I found this plant growing in the Jack McEwan State Forest, near Pittsworth. The soil there is our typical “hillside black” - better drained than the heavy black soil of the Darling Downs plains, and very stony.
I wondered what was “sticky” about it, as it isn’t sticky to touch - but one of my companions pressed a specimen between sheets of newspaper, and apparently it stuck quite firmly!
The plants are dioecious. Flowers on the male bushes have little yellow flowers with no petals. They are pretty little balls of yellow stamens, framed by green sepals. Flowers on the female plants are nondescript, and followed by these fruits, which, at present, are interesting but not showy. I am not familiar with this plant, but I have seen a photo of the species, taken in Western Australia, with showy plum-red fruits. I plan to keep an eye on Jack Mack’s plants, to discover whether they will change colour as they mature.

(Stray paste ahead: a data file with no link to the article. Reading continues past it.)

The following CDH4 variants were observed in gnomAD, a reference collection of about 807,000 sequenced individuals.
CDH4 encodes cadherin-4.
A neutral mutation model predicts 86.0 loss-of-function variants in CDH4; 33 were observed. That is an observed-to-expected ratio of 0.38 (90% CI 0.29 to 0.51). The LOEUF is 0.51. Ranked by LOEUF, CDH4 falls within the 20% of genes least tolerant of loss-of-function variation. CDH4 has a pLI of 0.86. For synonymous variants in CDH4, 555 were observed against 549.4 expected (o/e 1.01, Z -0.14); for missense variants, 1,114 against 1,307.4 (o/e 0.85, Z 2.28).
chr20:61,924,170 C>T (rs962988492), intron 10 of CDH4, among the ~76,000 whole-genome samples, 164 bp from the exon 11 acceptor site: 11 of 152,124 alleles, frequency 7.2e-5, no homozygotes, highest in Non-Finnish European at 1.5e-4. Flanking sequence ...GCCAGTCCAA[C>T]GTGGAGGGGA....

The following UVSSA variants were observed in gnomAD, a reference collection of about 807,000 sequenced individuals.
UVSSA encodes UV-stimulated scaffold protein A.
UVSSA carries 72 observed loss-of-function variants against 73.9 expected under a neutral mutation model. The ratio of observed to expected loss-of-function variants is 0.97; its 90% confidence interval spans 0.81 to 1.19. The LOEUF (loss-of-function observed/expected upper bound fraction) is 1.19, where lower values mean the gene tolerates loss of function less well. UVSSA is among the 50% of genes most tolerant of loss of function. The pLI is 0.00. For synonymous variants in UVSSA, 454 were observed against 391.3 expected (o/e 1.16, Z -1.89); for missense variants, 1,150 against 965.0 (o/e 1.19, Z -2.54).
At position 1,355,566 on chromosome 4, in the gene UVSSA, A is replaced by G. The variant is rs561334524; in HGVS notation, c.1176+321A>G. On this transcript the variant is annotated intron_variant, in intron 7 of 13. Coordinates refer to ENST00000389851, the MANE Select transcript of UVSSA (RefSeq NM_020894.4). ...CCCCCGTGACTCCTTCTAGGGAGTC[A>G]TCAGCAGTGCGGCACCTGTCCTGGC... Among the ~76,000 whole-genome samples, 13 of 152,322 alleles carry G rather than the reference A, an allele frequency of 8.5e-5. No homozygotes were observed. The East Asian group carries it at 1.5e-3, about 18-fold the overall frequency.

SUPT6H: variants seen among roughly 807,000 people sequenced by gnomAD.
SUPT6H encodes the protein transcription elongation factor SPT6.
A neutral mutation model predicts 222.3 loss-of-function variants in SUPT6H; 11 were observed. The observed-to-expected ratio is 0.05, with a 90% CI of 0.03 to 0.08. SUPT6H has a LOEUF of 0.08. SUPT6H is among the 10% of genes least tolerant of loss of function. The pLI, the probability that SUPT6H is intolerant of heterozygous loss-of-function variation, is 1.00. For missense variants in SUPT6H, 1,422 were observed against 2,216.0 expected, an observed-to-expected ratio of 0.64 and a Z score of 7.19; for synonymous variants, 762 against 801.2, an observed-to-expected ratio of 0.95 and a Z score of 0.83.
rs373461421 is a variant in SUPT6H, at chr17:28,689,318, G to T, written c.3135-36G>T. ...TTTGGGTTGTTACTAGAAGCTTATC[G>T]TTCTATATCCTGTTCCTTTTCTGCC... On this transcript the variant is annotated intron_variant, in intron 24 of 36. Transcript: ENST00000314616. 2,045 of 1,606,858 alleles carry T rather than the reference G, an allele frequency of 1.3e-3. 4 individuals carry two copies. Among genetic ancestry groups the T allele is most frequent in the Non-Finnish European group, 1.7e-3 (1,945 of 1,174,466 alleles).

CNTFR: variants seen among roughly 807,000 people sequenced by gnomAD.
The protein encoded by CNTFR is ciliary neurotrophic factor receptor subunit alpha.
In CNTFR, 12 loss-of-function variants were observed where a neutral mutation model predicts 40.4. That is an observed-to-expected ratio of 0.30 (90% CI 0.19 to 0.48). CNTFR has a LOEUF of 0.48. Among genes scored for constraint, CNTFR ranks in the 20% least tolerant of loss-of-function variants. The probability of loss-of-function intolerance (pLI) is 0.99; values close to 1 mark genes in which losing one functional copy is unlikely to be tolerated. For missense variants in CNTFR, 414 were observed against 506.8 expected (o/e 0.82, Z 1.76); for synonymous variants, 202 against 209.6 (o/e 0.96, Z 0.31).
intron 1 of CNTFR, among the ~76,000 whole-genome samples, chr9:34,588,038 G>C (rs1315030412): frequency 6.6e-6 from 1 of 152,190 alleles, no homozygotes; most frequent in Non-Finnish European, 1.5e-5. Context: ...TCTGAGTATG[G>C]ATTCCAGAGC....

Wallaby bushes are pleasantly attractive plants with silvery leaves. They are said to make a good screen in gardens, and to benefit from pruning. To fully appreciate the species, it would be necessary to have at least one male and one female plant, so planting a row of them does seem like a good idea.